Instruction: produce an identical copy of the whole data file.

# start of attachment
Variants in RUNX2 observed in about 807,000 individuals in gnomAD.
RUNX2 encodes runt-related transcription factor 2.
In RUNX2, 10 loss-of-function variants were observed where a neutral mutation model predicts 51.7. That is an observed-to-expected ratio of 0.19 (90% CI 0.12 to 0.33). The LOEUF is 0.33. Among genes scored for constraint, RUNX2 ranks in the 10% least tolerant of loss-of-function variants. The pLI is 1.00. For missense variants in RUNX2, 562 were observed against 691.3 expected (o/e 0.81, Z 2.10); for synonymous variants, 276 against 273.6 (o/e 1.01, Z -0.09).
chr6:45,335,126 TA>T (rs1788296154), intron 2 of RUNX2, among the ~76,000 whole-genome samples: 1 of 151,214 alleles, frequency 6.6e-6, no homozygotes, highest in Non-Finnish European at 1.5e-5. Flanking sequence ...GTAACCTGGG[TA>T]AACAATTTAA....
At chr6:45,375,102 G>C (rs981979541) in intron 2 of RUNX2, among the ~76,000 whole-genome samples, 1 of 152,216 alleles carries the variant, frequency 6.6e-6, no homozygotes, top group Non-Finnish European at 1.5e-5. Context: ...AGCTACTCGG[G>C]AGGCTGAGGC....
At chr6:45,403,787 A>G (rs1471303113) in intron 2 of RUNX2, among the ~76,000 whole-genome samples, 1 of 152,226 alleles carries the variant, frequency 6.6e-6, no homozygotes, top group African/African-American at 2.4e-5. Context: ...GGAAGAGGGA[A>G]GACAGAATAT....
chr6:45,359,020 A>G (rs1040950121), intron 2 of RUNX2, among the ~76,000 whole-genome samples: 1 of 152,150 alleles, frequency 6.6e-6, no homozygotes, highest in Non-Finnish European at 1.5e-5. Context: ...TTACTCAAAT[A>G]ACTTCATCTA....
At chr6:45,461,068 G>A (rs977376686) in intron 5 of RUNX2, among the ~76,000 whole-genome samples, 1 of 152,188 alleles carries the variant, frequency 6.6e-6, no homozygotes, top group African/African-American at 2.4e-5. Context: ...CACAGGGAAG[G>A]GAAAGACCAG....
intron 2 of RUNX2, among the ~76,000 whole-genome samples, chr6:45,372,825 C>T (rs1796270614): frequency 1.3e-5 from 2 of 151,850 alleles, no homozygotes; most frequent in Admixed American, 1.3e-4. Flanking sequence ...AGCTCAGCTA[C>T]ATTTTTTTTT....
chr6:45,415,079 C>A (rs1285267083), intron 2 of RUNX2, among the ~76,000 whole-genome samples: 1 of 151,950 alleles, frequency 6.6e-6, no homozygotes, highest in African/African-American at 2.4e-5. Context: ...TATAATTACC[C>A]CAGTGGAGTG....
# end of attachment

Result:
Variants in RUNX2 observed in about 807,000 individuals in gnomAD.
RUNX2 encodes runt-related transcription factor 2.
In RUNX2, 10 loss-of-function variants were observed where a neutral mutation model predicts 51.7. That is an observed-to-expected ratio of 0.19 (90% CI 0.12 to 0.33). The LOEUF is 0.33. Among genes scored for constraint, RUNX2 ranks in the 10% least tolerant of loss-of-function variants. The pLI is 1.00. For missense variants in RUNX2, 562 were observed against 691.3 expected (o/e 0.81, Z 2.10); for synonymous variants, 276 against 273.6 (o/e 1.01, Z -0.09).
chr6:45,335,126 TA>T (rs1788296154), intron 2 of RUNX2, among the ~76,000 whole-genome samples: 1 of 151,214 alleles, frequency 6.6e-6, no homozygotes, highest in Non-Finnish European at 1.5e-5. Flanking sequence ...GTAACCTGGG[TA>T]AACAATTTAA....
At chr6:45,375,102 G>C (rs981979541) in intron 2 of RUNX2, among the ~76,000 whole-genome samples, 1 of 152,216 alleles carries the variant, frequency 6.6e-6, no homozygotes, top group Non-Finnish European at 1.5e-5. Context: ...AGCTACTCGG[G>C]AGGCTGAGGC....
At chr6:45,403,787 A>G (rs1471303113) in intron 2 of RUNX2, among the ~76,000 whole-genome samples, 1 of 152,226 alleles carries the variant, frequency 6.6e-6, no homozygotes, top group African/African-American at 2.4e-5. Context: ...GGAAGAGGGA[A>G]GACAGAATAT....
chr6:45,359,020 A>G (rs1040950121), intron 2 of RUNX2, among the ~76,000 whole-genome samples: 1 of 152,150 alleles, frequency 6.6e-6, no homozygotes, highest in Non-Finnish European at 1.5e-5. Context: ...TTACTCAAAT[A>G]ACTTCATCTA....
At chr6:45,461,068 G>A (rs977376686) in intron 5 of RUNX2, among the ~76,000 whole-genome samples, 1 of 152,188 alleles carries the variant, frequency 6.6e-6, no homozygotes, top group African/African-American at 2.4e-5. Context: ...CACAGGGAAG[G>A]GAAAGACCAG....
intron 2 of RUNX2, among the ~76,000 whole-genome samples, chr6:45,372,825 C>T (rs1796270614): frequency 1.3e-5 from 2 of 151,850 alleles, no homozygotes; most frequent in Admixed American, 1.3e-4. Flanking sequence ...AGCTCAGCTA[C>T]ATTTTTTTTT....
chr6:45,415,079 C>A (rs1285267083), intron 2 of RUNX2, among the ~76,000 whole-genome samples: 1 of 151,950 alleles, frequency 6.6e-6, no homozygotes, highest in African/African-American at 2.4e-5. Context: ...TATAATTACC[C>A]CAGTGGAGTG....